A bacterial powder for quickly stabilizing gravel surfaces
EPFL's Laboratory of Soil Mechanics has developed an easily reproducible technique using bacteria and urea to reinforce sandy or gravelly terrain. A series of chemical reactions lead to the rapid formation of mineral crystals that bind the ground particles together.
Much of the buildable land in urban areas is already in use. That which remains often needs to be stabilized and reinforced in order to minimize long-term environmental risks and the possibility of crack formation. Existing approaches to this problem include injecting concrete or putting down deep foundations, but these techniques are often impractical, unprofitable or environmentally undesirable. Dimitrios Terzis and Lyesse Laloui, two researchers at EPFL's Laboratory of Soil Mechanics (LMS), have come up with an organic, easy-to-use and low-cost solution that combines bacteria and urea. These two substances react to create calcite crystals, which firmly bind the gravel or sand particles together. The research on this promising and long-lasting biocement has just been published in Scientific Reports.
The desired result in just a few days
Several chemical reactions are necessary to synthesize calcite crystals. For the triggering agent, the researchers used Sporosarcina pasteurii bacteria, which they freeze-dried for easier handling. When the bacteria are spread over the ground, they bind to sand and gravel particles, reproduce and form a protective adhesive layer. The bacteria then serve as matchmakers between urea, a highly soluble, non-toxic synthetic molecule, and calcium, which are pulverized above ground.
The bacteria break down the urea molecules for use as food and to improve their environment. This releases carbonate, which binds to the calcium to form calcite crystals. The crystals attach to the ground particles and grow in both number and size – in some cases reaching several hundred micrometers across. Urease, an enzyme also released as part of the bacteria's digestive process, accelerates this process significantly – making the reaction 1,000 times faster – and the end product is achieved in a matter of days or even hours. It turns out that once the bacteria have deteriorated, the urease enzyme alone can break down the urea molecules. Because urease is just as effective as the bacteria at doing this, the researchers attempted – successfully – to remove the bacteria from the process. "A 'cell-free' alternative would make it easier to use this method on a very large scale at a lower cost," says Lyesse Laloui, a professor at LMS.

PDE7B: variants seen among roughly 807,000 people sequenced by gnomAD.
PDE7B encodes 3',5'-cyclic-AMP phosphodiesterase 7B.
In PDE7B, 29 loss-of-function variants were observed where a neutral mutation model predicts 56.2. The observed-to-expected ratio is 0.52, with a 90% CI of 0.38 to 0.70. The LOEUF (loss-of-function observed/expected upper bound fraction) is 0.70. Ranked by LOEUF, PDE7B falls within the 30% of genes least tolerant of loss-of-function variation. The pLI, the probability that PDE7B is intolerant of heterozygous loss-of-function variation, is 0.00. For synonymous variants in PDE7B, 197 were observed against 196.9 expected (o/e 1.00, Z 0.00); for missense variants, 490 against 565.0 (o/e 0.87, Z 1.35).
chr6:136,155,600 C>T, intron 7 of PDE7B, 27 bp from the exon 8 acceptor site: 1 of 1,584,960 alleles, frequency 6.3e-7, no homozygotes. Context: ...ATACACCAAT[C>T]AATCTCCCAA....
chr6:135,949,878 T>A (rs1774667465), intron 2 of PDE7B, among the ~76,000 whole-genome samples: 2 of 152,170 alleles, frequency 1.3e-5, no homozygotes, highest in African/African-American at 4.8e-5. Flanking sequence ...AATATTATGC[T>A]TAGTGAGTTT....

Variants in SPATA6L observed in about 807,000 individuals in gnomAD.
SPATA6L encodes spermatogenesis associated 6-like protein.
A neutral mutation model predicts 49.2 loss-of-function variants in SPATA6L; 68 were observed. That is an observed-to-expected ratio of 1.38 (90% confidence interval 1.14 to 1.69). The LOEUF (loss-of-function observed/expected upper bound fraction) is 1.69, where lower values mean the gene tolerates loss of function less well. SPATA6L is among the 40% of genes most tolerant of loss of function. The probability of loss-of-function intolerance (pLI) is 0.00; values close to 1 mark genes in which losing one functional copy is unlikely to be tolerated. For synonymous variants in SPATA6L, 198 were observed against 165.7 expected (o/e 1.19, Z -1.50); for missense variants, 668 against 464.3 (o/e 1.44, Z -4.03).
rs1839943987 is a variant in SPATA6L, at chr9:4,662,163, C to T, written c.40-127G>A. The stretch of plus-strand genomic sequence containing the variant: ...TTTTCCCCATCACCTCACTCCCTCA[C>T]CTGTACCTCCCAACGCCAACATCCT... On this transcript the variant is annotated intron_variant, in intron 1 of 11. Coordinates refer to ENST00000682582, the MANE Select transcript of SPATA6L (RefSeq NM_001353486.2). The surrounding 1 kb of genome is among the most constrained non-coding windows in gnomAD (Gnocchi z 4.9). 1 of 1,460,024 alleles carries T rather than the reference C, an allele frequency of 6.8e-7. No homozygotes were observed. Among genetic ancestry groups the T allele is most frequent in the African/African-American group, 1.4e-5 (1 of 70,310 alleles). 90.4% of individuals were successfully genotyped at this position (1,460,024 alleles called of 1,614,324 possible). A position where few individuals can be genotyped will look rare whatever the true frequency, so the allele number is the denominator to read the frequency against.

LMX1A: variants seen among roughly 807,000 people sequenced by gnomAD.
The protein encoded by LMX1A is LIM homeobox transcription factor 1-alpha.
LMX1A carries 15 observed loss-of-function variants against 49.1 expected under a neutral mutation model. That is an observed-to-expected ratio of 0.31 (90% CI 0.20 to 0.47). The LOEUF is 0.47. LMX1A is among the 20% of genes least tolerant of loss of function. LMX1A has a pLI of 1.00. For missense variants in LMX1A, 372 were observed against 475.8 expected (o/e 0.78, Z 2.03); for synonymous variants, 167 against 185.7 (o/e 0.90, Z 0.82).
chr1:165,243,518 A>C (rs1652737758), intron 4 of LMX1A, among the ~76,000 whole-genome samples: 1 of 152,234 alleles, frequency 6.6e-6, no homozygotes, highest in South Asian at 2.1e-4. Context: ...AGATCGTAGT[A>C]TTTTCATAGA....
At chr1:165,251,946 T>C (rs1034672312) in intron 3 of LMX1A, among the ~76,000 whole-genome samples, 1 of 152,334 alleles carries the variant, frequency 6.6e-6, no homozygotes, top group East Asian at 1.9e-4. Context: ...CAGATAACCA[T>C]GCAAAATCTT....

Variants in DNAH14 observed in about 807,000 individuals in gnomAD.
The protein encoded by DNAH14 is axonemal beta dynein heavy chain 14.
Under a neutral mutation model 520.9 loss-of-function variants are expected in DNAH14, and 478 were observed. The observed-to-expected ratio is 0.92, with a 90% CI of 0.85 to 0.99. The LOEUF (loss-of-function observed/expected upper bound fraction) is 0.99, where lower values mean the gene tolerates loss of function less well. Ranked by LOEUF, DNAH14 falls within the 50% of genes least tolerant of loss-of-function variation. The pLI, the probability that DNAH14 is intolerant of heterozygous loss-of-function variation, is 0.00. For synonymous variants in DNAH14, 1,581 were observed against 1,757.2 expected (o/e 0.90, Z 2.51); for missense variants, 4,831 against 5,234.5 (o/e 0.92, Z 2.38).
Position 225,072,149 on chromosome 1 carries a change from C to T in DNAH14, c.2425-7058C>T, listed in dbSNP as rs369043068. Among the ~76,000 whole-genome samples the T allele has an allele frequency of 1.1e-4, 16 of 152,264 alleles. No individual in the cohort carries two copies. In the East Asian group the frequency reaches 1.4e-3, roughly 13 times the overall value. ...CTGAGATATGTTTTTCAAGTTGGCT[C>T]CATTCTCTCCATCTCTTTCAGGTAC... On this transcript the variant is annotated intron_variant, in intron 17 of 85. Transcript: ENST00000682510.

A scalable solution
The resilience of this biocement and its microstructure has been tested on various types of soil, with excellent results. As part of their research, the LMS team also developed a new quantitative observation method. They were able to conduct x-ray microtomography analyses and 3-D reconstructions in order to see the growth mechanism up close and the condition of the crystal bonds. They took particular note of the size, number and orientation of these bonds. This information provided them with a better understanding of how their method works in practice.
The biocement can be produced on site at ambient temperatures through a low-cost process that consumes little energy. In addition, its use can be scaled to the needs of any given construction project. Small quantities of calcite generate enough particle resilience for gravel to withstand the shear stresses caused by a major earthquake; they can also stabilize sloping surfaces or shore up existing foundations. With higher levels of calcite, the biocement can serve as a construction material or be used for soil sealing.